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4-H without a farm: Does the program have a future in big cities?


There’s not much call for the meat judging team in Manhattan, but kids here should learn how to take soil samples. Maybe if they had, when volunteer melons started growing in the median of Broadway this summer, people would have known whether it was safe to eat them.

In a city where 80 percent of the ground is covered by asphalt, it’s easy to ask whether agricultural programs like FFA or 4-H have a place. In farming terms, Manhattan is small — just 14,528 acres — but with 1.64 million people living on it, you’d think the island was all-encompassing. Few here could grow their own food, if not from lack of knowledge than of space. At the farmers’ market, “local” peaches from Pennsylvania sell for $3 each. New Yorkers buy them without thinking — never mind if they’re ripe. Like other talents rural residents take for granted, knowing what’s in season is not a life skill in the city. How could it be? Asphalt and people are everywhere.

Of these 1.64 million — plus the 7 million more living in New York’s other boroughs, last year, only 1,135 youth were in 4-H. An additional 3,964 took part in activities like Farmers’ Market Nutrition Education and Tech Wizards Mentoring, a program that teaches website development, video production, GIS/GPS technology, and robotics. It’s a far cry from record books and bottle calves.

“Urbanizing” 4-H has been on the uptick since the 1960s, when Urban Extension 4-H Programs partnered with the Expanded Food and Nutrition Education Program to bring educational television programming to minority youth. I grew up in Kentucky in the 1980s and the only non-ag activities our club engaged in were Communications Day, an annual variety show, and a rigorous education in Robert’s Rules of Order. Even demonstrations and talent acts were steeped in rural culture as 4Hers spoke on how to harvest tobacco or performed skits that were set on a farm. The H’s stand for head, heart, hands, and health, but what were our hands for if not growing food and what was a heart if not to love the calf that depended on you?

Without that agricultural component, what makes 4-H different from YMCA or the Boy Scouts? In a 2013 report defending city programs, the 4-H Urban Task Force Programs Committee wrote, “Urban 4-H programs often target audiences where they live in high-need, low-resource locations, e.g., after-school classrooms, community youth centers, housing developments, schools, and churches.” As I read this, “where they live” stands out. From the outside, New York may look like nothing but asphalt and skyline. But for 1,135 4-Hers, this is their community, their country, and their world.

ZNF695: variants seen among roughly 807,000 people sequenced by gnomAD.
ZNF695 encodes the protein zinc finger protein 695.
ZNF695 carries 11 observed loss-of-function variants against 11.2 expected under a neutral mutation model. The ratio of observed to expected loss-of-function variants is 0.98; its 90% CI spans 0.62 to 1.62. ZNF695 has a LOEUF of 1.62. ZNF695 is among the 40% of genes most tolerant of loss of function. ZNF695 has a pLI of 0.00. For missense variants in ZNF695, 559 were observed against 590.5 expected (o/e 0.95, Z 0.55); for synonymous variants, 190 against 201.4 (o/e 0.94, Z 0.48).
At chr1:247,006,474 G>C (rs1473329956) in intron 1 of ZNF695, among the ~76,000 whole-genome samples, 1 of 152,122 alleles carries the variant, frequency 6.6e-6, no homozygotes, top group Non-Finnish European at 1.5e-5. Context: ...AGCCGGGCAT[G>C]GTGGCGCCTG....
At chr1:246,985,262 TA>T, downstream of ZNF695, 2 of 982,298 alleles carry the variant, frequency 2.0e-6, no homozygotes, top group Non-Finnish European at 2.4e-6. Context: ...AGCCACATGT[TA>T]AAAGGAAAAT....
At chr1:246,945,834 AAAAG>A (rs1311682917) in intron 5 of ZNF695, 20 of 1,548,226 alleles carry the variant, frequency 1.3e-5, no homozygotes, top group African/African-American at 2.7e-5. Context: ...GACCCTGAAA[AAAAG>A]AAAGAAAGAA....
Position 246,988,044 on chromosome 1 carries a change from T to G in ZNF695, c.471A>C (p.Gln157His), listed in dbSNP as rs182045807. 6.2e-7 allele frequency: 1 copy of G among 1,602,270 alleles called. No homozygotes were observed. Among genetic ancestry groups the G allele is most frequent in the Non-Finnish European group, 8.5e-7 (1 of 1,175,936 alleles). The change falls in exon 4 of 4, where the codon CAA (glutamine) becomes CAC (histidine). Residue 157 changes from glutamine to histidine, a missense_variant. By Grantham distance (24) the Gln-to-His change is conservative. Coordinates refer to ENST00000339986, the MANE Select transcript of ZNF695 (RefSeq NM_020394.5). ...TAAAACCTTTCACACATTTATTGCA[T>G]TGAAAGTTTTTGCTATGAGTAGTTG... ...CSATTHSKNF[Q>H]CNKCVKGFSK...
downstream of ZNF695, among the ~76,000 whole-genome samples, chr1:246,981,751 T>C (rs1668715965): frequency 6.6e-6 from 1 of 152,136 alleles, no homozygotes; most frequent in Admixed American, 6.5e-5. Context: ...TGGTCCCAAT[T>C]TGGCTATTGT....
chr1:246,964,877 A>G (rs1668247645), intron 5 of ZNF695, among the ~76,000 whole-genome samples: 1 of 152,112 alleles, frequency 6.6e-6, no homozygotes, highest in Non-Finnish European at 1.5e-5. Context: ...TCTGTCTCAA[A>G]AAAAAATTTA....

Image courtesy of Cornell University

In an increasingly urban society, the future of 4-H depends on how well we remember its past. In the late 1800s, according to the National 4-H History Preservation Program, “researchers found that young people were open to new thinking and would ‘experiment’ with new ideas and share their experiences and successes with their parents. In this way, rural youth programs became an innovative way to introduce new agriculture technology to their communities.” In a world where computer vision sorts coffee cherries and robots harvest apples, programs like Tech Wizards may not be that far removed after all.

In a city where only 20 percent of the soil can be seen, with enough tech knowledge, maybe a Manhattan 4-Her will one day pledge her head and heart to finding innovative solutions for the world’s growing food shortage. This is New York after all: To (mis)quote Frank Sinatra, if you can grow it here, you can grow it anywhere.

I would caution urban 4-H programs not to lose complete sight of the program’s agricultural roots, though. FFA faces similar challenges, but has always taken care never to take the “agri” out of “business” as the organization adapts to a changing world. Manhattan youth may not be in a position to raise cows or judge meat, but someone has to tend the police horses in Central Park. In addition to learning code, clubs should cultivate rooftop gardens and get the facts on those volunteer street melons. We don’t have a lot of land up here, but as long as there’s ground enough for both plants and ideas to grow, there’s room for 4-H.

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